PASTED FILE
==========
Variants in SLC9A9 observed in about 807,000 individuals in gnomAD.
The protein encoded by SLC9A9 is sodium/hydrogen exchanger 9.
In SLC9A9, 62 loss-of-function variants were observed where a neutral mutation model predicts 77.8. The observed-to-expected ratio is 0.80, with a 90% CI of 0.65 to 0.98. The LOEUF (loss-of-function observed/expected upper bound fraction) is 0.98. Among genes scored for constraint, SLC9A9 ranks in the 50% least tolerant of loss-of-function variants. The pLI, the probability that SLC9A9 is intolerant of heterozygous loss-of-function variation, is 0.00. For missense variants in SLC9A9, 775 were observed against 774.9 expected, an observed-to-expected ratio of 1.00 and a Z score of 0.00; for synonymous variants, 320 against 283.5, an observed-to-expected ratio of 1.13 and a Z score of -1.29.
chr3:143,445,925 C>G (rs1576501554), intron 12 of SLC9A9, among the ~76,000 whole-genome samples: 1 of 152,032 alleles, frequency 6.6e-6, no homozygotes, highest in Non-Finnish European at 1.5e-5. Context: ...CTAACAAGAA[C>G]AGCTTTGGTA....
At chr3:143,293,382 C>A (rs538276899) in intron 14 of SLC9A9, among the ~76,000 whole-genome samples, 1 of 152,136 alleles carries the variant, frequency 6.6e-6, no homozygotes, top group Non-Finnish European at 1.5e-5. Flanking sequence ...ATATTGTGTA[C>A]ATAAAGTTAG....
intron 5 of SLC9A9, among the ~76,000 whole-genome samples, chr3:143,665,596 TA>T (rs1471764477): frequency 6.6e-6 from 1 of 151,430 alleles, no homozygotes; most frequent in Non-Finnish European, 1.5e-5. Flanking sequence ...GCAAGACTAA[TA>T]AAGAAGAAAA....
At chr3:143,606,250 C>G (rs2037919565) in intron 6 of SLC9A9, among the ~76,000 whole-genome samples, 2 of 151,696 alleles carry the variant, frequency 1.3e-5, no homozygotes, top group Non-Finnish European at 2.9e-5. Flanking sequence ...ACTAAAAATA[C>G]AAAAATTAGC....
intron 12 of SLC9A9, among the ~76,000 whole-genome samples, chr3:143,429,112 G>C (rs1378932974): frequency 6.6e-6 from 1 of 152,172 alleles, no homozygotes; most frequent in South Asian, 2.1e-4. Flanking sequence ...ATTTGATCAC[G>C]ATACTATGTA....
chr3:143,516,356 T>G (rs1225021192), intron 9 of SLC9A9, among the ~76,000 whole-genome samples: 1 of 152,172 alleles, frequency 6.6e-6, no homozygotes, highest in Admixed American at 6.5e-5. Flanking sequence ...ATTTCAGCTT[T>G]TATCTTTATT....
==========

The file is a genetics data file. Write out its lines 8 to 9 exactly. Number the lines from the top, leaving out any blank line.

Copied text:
intron 12 of SLC9A9, among the ~76,000 whole-genome samples, chr3:143,429,112 G>C (rs1378932974): frequency 6.6e-6 from 1 of 152,172 alleles, no homozygotes; most frequent in South Asian, 2.1e-4. Flanking sequence ...ATTTGATCAC[G>C]ATACTATGTA....
chr3:143,516,356 T>G (rs1225021192), intron 9 of SLC9A9, among the ~76,000 whole-genome samples: 1 of 152,172 alleles, frequency 6.6e-6, no homozygotes, highest in Admixed American at 6.5e-5. Flanking sequence ...ATTTCAGCTT[T>G]TATCTTTATT....